Over time, I’m sure the restaurant has evolved as all businesses do. Owner and chef Gabrielle Hamilton has written a book, won at least 3 James Beard Awards including Outstanding Chef this year, and is writing a second book all while writing a weekly column for the New York Times magazine and running her restaurant. As her experience has grown, I’m sure it has been reflected in the restaurant. That’s what keeps a small business vibrant.

And vibrant Prune still seems to be. When you visit, expect to sit close to your neighbors. When James and I were dining, the table arrangement was so snug our waiter stepped out the front window onto the sidewalk and then back in to serve the table next to us. There simply wasn’t room to walk between them. That step out the window wasn’t awkward. It seemed perfectly natural and added to the charm of the whole experience.

Some people just draw you in. Some places do the same. These are the people and spaces in which you just may find inspiration. Prune could be one of those places. When you travel to NYC, make sure you get your share of Prune!

prunerestaurant.com

https://www.jamesbeard.org/blog/the-2018-james-beard-award-winners

https://www.nytimes.com/2017/09/19/dining/prune-review.html

http://www.algonquinhotel.com/

http://www.cooking2thrive.com/blog/?s=restaurant

Disclosure of Material Connection: I have not received any compensation for writing this post. I have no material connection to the brands, products, or services that I have mentioned. I am disclosing this in accordance with the Federal Trade Commission’s 16 CFR, Part 255: “Guides Concerning the Use of Endorsements and Testimonials in Advertising.”

May 16, 2018

Feeding An Infant With Down Syndrome Can Require Tough Choices

Feeding an infant with Down Syndrome can require tough choices. I’m writing this post between trips to the hospital to see my new granddaughter, EM, and taking care of her 22-month-old brother, DJ. EM was born on April 24 and had her first heart surgery May 1. She’s currently living in CVICU trying to learn to eat from a bottle while struggling with oxygen levels and respiratory rates the doctors can’t quite regulate. Alongside the significant medical events, the fact that she has Down Syndrome feels somewhat like an afterthought.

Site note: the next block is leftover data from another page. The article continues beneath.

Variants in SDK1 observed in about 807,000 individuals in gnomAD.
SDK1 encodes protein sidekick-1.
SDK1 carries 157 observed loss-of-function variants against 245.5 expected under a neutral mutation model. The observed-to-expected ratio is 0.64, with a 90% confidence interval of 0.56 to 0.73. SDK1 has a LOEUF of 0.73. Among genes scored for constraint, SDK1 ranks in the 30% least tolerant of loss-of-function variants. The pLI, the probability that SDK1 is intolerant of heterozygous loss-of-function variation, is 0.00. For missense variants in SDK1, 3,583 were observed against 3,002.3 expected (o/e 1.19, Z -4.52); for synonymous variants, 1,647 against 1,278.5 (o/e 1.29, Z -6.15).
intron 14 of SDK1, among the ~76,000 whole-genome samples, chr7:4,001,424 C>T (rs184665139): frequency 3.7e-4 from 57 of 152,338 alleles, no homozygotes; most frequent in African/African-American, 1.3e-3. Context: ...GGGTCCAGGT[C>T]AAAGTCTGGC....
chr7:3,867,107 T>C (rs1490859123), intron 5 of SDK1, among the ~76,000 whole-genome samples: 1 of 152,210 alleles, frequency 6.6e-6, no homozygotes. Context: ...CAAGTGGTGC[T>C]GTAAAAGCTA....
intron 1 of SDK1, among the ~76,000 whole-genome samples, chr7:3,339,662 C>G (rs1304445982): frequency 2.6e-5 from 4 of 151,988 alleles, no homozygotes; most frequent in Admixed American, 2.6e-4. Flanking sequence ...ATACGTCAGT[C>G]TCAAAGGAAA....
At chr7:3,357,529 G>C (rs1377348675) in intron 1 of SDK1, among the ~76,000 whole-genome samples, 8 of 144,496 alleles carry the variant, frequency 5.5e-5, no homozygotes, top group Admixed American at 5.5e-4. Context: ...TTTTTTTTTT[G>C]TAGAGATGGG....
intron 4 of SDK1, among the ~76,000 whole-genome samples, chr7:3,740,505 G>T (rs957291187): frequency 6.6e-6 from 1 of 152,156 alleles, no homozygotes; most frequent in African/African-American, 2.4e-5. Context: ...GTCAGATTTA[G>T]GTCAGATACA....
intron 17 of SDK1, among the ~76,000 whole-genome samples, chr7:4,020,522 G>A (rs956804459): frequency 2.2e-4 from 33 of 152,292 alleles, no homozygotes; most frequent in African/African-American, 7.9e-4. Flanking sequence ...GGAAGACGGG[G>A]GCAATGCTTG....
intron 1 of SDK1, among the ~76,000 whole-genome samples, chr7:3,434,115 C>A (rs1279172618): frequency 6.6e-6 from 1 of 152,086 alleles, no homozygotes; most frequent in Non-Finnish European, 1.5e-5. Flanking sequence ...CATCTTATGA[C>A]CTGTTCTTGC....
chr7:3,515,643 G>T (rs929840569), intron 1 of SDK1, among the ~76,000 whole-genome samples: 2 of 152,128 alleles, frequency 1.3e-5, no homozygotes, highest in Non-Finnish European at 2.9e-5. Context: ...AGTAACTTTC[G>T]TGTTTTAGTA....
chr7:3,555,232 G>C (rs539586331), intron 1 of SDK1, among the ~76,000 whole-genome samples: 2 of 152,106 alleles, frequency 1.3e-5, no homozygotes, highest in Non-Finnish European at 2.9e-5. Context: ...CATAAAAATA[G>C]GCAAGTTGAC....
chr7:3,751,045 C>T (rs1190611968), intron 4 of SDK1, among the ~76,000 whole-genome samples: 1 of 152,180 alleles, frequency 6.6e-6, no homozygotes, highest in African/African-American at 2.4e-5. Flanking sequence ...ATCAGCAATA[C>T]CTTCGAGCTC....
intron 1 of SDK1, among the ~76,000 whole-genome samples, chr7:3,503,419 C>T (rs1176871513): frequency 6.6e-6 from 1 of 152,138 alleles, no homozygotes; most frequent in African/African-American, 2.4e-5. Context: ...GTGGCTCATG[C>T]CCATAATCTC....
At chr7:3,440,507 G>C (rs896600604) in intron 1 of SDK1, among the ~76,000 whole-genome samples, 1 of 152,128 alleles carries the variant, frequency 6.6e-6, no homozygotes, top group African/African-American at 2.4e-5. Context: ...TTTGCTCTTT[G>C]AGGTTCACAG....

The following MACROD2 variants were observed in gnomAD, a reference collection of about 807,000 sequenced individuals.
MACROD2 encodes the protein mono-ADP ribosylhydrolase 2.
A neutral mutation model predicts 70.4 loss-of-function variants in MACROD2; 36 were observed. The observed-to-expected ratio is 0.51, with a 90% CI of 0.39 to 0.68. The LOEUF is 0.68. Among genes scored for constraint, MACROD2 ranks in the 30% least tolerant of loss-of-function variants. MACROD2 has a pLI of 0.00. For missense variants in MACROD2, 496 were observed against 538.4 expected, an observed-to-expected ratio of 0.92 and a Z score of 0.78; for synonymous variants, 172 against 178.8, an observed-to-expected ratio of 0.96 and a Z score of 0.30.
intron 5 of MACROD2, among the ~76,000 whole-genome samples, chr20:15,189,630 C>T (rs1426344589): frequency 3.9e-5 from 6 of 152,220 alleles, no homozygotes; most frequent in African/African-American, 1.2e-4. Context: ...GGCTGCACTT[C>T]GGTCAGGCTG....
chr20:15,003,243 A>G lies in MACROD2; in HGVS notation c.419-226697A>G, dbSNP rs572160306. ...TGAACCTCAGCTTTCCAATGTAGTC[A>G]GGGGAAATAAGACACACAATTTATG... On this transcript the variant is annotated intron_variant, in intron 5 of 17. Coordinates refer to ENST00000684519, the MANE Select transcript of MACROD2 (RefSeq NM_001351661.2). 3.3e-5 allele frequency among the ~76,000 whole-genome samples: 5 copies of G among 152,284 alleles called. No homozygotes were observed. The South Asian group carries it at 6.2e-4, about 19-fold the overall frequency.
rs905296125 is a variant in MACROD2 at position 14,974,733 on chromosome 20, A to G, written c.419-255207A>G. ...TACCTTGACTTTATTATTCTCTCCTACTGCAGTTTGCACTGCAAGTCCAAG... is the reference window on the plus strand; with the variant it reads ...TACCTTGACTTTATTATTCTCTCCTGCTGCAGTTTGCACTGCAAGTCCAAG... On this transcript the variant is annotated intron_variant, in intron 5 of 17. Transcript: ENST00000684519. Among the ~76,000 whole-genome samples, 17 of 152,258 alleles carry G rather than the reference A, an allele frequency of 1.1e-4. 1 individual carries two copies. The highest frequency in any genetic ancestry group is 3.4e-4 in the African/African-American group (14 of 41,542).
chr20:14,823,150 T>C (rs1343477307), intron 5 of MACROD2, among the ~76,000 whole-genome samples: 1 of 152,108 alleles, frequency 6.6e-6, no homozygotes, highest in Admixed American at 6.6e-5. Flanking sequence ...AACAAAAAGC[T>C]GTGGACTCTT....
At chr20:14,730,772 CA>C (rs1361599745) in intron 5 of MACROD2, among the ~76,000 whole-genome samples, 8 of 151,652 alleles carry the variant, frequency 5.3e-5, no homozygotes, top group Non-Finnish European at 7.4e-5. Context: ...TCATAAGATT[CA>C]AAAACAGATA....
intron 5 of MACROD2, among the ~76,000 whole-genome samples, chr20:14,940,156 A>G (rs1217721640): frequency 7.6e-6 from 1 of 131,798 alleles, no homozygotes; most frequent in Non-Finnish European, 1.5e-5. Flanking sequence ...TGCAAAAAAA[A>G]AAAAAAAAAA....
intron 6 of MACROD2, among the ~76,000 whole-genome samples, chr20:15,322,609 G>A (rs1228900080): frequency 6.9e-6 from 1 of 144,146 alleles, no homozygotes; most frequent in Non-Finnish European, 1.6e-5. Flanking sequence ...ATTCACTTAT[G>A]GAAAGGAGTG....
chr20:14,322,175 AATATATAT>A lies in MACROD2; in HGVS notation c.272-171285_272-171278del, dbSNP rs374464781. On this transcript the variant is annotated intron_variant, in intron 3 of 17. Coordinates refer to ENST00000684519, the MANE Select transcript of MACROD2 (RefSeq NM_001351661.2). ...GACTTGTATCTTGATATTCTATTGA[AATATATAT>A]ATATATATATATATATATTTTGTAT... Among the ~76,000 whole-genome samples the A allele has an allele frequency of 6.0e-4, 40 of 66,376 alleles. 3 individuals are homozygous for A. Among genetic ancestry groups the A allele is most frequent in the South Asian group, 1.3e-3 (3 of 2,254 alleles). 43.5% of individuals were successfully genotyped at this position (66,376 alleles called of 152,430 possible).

room
There’s so much equipment, so much beeping, and such a high level of activity in EM’s room, it’s impossible to simulate the typical newborn experience. Soft soothing sounds, cuddling, and nursing are often limited, sometimes impossible. Everything is geared toward surviving.

Critical to survival outside the hospital is EM’s ability to take in nutrition. Right now she is being fed breast milk through a feeding tube. Twice a day, she attempts to nurse from a bottle. We’re lucky. Her sucking instinct is still strong, but a side effect of the surgery was damage to her vocal cords and now she cannot swallow breast milk. She needs something thicker.
feeding
If you’re interested in healthy eating, good nutrition, and real food, you probably agree with the American Academy of Pediatrics that breast milk is superior in providing nutrients for rapidly developing bodies and minds. A child with Down Syndrome already has some obstacles, so superior nutrition seems especially important for EM.

The problem is, how do you prioritize getting breast milk and being able to swallow? It seems like the intuitive idea is to thicken breast milk with some natural substance. You’ll find this idea promoted on plenty of websites.

As it turns out, thickening breast milk safely and effectively isn’t as easy as it sounds and our doctor doesn’t feel comfortable with any of the thickeners available on the market. There’s a lack of data showing gel and gum thickeners are safe for use in infants. At least one of these products has been associated with necrotizing enterocolitis, a bacterial infection of the intestine which can cause death of intestinal tissue possibly leading to blood poisoning (1).

Some web forums will recommend thickening breast milk with rice cereal or oatmeal. This may work for feeding through a G tube (feeding tube), but is impractical for nipple feeding in an infant with difficulty swallowing. The enzymes in the breast milk quickly break down the cereal. These infants eat slowly. The purpose of using cereal to thicken is defeated soon after a feeding begins.